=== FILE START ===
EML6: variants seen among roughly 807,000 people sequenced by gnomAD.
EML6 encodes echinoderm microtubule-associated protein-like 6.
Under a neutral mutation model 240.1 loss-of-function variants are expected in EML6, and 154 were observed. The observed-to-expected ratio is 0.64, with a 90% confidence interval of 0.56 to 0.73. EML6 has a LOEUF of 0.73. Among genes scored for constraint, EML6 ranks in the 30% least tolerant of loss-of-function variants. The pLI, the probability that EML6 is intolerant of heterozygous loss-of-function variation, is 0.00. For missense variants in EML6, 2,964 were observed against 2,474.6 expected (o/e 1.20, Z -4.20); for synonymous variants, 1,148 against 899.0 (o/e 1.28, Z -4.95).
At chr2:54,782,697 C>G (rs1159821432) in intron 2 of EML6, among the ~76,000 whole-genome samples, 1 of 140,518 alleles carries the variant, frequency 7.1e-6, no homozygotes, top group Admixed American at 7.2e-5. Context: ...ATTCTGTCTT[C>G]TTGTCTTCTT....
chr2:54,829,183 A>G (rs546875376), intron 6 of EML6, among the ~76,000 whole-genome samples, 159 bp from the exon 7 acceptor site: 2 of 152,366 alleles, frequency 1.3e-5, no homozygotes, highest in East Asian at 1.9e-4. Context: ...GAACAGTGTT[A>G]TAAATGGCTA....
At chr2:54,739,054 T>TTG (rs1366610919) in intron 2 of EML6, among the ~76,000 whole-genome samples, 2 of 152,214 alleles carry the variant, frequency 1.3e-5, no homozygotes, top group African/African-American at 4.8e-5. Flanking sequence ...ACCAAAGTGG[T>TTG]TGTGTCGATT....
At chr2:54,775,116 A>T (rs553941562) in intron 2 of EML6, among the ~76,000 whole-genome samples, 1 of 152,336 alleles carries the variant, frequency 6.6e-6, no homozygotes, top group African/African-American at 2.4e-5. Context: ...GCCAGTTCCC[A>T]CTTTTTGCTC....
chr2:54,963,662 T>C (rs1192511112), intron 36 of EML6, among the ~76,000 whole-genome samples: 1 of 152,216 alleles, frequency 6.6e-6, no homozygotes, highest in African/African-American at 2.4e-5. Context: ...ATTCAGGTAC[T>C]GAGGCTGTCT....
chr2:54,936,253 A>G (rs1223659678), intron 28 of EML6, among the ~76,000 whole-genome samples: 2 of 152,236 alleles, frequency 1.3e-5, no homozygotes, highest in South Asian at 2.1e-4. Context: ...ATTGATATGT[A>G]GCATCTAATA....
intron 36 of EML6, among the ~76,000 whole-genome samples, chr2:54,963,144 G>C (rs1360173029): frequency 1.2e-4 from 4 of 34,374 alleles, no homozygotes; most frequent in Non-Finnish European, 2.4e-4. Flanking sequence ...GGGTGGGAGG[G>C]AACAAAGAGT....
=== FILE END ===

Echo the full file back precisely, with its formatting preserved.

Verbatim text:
EML6: variants seen among roughly 807,000 people sequenced by gnomAD.
EML6 encodes echinoderm microtubule-associated protein-like 6.
Under a neutral mutation model 240.1 loss-of-function variants are expected in EML6, and 154 were observed. The observed-to-expected ratio is 0.64, with a 90% confidence interval of 0.56 to 0.73. EML6 has a LOEUF of 0.73. Among genes scored for constraint, EML6 ranks in the 30% least tolerant of loss-of-function variants. The pLI, the probability that EML6 is intolerant of heterozygous loss-of-function variation, is 0.00. For missense variants in EML6, 2,964 were observed against 2,474.6 expected (o/e 1.20, Z -4.20); for synonymous variants, 1,148 against 899.0 (o/e 1.28, Z -4.95).
At chr2:54,782,697 C>G (rs1159821432) in intron 2 of EML6, among the ~76,000 whole-genome samples, 1 of 140,518 alleles carries the variant, frequency 7.1e-6, no homozygotes, top group Admixed American at 7.2e-5. Context: ...ATTCTGTCTT[C>G]TTGTCTTCTT....
chr2:54,829,183 A>G (rs546875376), intron 6 of EML6, among the ~76,000 whole-genome samples, 159 bp from the exon 7 acceptor site: 2 of 152,366 alleles, frequency 1.3e-5, no homozygotes, highest in East Asian at 1.9e-4. Context: ...GAACAGTGTT[A>G]TAAATGGCTA....
At chr2:54,739,054 T>TTG (rs1366610919) in intron 2 of EML6, among the ~76,000 whole-genome samples, 2 of 152,214 alleles carry the variant, frequency 1.3e-5, no homozygotes, top group African/African-American at 4.8e-5. Flanking sequence ...ACCAAAGTGG[T>TTG]TGTGTCGATT....
At chr2:54,775,116 A>T (rs553941562) in intron 2 of EML6, among the ~76,000 whole-genome samples, 1 of 152,336 alleles carries the variant, frequency 6.6e-6, no homozygotes, top group African/African-American at 2.4e-5. Context: ...GCCAGTTCCC[A>T]CTTTTTGCTC....
chr2:54,963,662 T>C (rs1192511112), intron 36 of EML6, among the ~76,000 whole-genome samples: 1 of 152,216 alleles, frequency 6.6e-6, no homozygotes, highest in African/African-American at 2.4e-5. Context: ...ATTCAGGTAC[T>C]GAGGCTGTCT....
chr2:54,936,253 A>G (rs1223659678), intron 28 of EML6, among the ~76,000 whole-genome samples: 2 of 152,236 alleles, frequency 1.3e-5, no homozygotes, highest in South Asian at 2.1e-4. Context: ...ATTGATATGT[A>G]GCATCTAATA....
intron 36 of EML6, among the ~76,000 whole-genome samples, chr2:54,963,144 G>C (rs1360173029): frequency 1.2e-4 from 4 of 34,374 alleles, no homozygotes; most frequent in Non-Finnish European, 2.4e-4. Flanking sequence ...GGGTGGGAGG[G>C]AACAAAGAGT....